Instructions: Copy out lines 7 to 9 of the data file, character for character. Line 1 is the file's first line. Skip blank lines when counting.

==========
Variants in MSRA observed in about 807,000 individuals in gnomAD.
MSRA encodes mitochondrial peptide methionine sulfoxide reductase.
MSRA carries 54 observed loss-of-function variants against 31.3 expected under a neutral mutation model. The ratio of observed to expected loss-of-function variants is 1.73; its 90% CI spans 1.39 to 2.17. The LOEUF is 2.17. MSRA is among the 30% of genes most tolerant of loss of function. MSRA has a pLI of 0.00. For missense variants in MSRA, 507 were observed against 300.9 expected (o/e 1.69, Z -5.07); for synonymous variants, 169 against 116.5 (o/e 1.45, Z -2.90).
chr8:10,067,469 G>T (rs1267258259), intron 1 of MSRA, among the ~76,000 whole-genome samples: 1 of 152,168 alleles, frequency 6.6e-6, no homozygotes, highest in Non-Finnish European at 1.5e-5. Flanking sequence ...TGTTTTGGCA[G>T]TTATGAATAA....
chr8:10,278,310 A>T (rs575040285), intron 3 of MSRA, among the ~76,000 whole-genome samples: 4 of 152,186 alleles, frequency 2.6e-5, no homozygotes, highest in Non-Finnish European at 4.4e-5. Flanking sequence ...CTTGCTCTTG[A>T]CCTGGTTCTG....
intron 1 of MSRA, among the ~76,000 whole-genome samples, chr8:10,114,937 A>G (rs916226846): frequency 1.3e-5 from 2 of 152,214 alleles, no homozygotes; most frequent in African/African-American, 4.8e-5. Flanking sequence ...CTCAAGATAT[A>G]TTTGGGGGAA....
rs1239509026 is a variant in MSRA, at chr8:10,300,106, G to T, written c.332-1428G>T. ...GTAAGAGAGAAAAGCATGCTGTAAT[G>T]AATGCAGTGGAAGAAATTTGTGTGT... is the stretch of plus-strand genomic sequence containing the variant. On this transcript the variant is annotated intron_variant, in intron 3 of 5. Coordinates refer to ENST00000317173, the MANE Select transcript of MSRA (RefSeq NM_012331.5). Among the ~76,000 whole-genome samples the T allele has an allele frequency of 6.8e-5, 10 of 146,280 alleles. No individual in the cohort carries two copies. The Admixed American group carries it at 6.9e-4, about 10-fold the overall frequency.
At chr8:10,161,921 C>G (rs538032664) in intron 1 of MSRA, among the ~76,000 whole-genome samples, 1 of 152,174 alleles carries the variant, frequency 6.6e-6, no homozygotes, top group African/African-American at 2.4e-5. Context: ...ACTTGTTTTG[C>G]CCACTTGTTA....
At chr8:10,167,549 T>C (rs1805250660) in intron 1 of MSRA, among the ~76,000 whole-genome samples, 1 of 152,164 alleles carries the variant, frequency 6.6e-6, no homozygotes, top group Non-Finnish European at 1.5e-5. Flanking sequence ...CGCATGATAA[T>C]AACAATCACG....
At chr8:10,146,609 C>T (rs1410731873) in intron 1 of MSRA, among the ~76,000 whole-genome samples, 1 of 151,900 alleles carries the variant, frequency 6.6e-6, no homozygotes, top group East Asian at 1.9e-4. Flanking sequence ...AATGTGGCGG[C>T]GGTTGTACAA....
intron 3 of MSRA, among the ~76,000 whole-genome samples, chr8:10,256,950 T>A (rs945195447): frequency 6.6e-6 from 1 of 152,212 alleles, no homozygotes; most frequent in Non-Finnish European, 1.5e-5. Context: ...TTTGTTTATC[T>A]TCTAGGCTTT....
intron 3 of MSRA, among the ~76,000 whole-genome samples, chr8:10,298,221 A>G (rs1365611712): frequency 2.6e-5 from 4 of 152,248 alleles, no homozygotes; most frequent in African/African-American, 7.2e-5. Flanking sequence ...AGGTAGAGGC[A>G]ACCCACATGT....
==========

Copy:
rs1239509026 is a variant in MSRA, at chr8:10,300,106, G to T, written c.332-1428G>T. ...GTAAGAGAGAAAAGCATGCTGTAAT[G>T]AATGCAGTGGAAGAAATTTGTGTGT... is the stretch of plus-strand genomic sequence containing the variant. On this transcript the variant is annotated intron_variant, in intron 3 of 5. Coordinates refer to ENST00000317173, the MANE Select transcript of MSRA (RefSeq NM_012331.5). Among the ~76,000 whole-genome samples the T allele has an allele frequency of 6.8e-5, 10 of 146,280 alleles. No individual in the cohort carries two copies. The Admixed American group carries it at 6.9e-4, about 10-fold the overall frequency.
At chr8:10,161,921 C>G (rs538032664) in intron 1 of MSRA, among the ~76,000 whole-genome samples, 1 of 152,174 alleles carries the variant, frequency 6.6e-6, no homozygotes, top group African/African-American at 2.4e-5. Context: ...ACTTGTTTTG[C>G]CCACTTGTTA....
At chr8:10,167,549 T>C (rs1805250660) in intron 1 of MSRA, among the ~76,000 whole-genome samples, 1 of 152,164 alleles carries the variant, frequency 6.6e-6, no homozygotes, top group Non-Finnish European at 1.5e-5. Flanking sequence ...CGCATGATAA[T>C]AACAATCACG....